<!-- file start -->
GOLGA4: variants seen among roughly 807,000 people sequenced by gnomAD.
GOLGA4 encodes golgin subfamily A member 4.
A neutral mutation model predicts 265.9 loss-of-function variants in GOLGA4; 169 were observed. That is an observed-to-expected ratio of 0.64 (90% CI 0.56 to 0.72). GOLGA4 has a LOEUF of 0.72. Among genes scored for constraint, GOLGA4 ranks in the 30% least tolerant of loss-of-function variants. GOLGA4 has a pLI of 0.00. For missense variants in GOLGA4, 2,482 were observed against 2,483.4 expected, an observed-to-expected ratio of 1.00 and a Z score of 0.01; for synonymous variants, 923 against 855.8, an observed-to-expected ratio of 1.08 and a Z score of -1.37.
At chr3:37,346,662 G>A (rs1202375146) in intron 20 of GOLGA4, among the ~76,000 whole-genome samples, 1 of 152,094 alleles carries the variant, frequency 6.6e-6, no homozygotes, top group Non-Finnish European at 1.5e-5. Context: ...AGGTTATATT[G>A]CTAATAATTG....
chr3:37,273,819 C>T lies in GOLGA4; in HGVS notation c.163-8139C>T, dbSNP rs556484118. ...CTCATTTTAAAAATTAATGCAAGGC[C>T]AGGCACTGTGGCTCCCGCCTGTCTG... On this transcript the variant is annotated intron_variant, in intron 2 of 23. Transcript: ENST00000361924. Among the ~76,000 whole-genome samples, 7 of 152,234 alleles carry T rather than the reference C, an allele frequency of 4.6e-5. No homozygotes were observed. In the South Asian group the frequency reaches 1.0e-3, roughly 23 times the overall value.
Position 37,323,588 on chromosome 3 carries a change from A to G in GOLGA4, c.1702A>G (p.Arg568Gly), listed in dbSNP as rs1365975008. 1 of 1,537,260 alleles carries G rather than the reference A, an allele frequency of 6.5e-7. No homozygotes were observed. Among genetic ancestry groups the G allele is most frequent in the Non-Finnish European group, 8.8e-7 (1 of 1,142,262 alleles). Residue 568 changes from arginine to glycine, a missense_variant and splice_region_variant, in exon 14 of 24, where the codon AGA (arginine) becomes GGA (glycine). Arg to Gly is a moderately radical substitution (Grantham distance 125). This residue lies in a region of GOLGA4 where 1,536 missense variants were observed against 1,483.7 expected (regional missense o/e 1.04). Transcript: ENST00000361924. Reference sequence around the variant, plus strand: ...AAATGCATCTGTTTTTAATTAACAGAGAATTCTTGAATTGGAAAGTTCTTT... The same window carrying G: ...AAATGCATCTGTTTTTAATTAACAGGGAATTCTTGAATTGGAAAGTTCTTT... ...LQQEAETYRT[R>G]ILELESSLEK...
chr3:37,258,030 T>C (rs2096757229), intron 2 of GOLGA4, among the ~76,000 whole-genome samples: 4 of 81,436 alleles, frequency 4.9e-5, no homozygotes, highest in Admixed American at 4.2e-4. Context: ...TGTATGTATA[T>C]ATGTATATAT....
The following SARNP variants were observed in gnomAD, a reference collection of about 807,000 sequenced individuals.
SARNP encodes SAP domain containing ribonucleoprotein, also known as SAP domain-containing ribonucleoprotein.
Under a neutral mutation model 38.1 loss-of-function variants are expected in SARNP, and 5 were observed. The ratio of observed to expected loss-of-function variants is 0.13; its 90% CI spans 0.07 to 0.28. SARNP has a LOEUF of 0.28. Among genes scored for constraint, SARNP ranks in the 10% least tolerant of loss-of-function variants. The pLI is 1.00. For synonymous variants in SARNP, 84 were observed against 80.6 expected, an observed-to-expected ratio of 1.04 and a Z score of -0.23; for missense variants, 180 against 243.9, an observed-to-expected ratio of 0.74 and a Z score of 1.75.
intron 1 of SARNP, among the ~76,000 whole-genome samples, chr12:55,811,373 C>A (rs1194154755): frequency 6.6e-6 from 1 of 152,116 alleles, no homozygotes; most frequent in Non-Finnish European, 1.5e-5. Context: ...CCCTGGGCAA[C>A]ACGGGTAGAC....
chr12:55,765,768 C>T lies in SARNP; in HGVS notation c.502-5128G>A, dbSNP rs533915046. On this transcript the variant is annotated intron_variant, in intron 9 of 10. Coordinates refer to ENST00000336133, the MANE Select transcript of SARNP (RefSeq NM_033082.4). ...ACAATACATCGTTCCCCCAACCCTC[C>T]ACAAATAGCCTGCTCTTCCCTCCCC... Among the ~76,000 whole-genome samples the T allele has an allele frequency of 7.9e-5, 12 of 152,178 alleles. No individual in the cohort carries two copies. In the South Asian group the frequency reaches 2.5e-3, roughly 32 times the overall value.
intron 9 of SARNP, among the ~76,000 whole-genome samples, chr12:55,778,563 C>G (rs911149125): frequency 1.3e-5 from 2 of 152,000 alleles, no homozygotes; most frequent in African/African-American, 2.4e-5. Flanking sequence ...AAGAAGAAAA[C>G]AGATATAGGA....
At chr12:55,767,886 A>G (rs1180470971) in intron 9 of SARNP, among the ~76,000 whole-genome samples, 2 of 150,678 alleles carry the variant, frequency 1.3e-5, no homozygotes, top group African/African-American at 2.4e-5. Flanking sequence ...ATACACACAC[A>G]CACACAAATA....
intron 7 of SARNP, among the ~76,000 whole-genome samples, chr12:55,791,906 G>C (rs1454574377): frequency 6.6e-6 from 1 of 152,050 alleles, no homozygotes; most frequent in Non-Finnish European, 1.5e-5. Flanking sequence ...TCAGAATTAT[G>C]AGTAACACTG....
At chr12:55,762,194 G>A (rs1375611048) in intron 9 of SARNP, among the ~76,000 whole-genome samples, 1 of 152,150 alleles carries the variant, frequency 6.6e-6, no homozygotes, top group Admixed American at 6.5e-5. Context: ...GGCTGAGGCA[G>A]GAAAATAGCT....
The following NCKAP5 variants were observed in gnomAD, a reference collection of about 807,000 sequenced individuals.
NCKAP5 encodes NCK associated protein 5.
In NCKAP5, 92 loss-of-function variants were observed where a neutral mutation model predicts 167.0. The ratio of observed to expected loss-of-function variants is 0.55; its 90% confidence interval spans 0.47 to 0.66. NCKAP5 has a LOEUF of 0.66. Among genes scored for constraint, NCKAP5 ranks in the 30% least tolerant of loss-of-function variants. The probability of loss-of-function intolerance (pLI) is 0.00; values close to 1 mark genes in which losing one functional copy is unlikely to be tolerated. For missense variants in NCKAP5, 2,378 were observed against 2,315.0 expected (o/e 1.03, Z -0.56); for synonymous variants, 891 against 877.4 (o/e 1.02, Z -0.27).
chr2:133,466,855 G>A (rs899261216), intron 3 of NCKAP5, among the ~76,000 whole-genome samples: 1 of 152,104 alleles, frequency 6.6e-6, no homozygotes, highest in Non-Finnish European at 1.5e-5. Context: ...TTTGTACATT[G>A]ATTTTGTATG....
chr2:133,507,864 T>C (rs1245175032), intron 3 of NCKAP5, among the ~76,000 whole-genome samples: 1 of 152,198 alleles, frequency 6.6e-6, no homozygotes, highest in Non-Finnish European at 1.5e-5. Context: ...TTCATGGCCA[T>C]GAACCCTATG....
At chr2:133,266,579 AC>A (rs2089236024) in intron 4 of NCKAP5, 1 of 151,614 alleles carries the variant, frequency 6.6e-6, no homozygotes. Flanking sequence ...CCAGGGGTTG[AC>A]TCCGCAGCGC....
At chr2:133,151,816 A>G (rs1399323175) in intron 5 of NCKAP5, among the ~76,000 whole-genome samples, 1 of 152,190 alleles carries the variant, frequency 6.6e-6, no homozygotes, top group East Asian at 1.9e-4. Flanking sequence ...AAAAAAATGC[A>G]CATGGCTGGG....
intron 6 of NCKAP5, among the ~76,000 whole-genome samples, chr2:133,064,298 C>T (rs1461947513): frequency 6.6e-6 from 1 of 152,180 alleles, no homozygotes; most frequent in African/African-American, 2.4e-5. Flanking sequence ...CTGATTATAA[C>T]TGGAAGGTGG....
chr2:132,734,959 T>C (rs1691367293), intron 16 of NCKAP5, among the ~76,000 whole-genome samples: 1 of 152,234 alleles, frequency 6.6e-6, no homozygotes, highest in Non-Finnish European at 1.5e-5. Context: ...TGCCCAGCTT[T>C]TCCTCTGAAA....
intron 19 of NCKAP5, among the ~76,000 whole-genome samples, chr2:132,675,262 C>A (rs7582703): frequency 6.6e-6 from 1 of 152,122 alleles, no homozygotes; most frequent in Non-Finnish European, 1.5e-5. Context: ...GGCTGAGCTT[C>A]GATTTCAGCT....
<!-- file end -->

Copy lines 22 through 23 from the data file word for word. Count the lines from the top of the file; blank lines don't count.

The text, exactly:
At chr2:133,266,579 AC>A (rs2089236024) in intron 4 of NCKAP5, 1 of 151,614 alleles carries the variant, frequency 6.6e-6, no homozygotes. Flanking sequence ...CCAGGGGTTG[AC>A]TCCGCAGCGC....
At chr2:133,151,816 A>G (rs1399323175) in intron 5 of NCKAP5, among the ~76,000 whole-genome samples, 1 of 152,190 alleles carries the variant, frequency 6.6e-6, no homozygotes, top group East Asian at 1.9e-4. Flanking sequence ...AAAAAAATGC[A>G]CATGGCTGGG....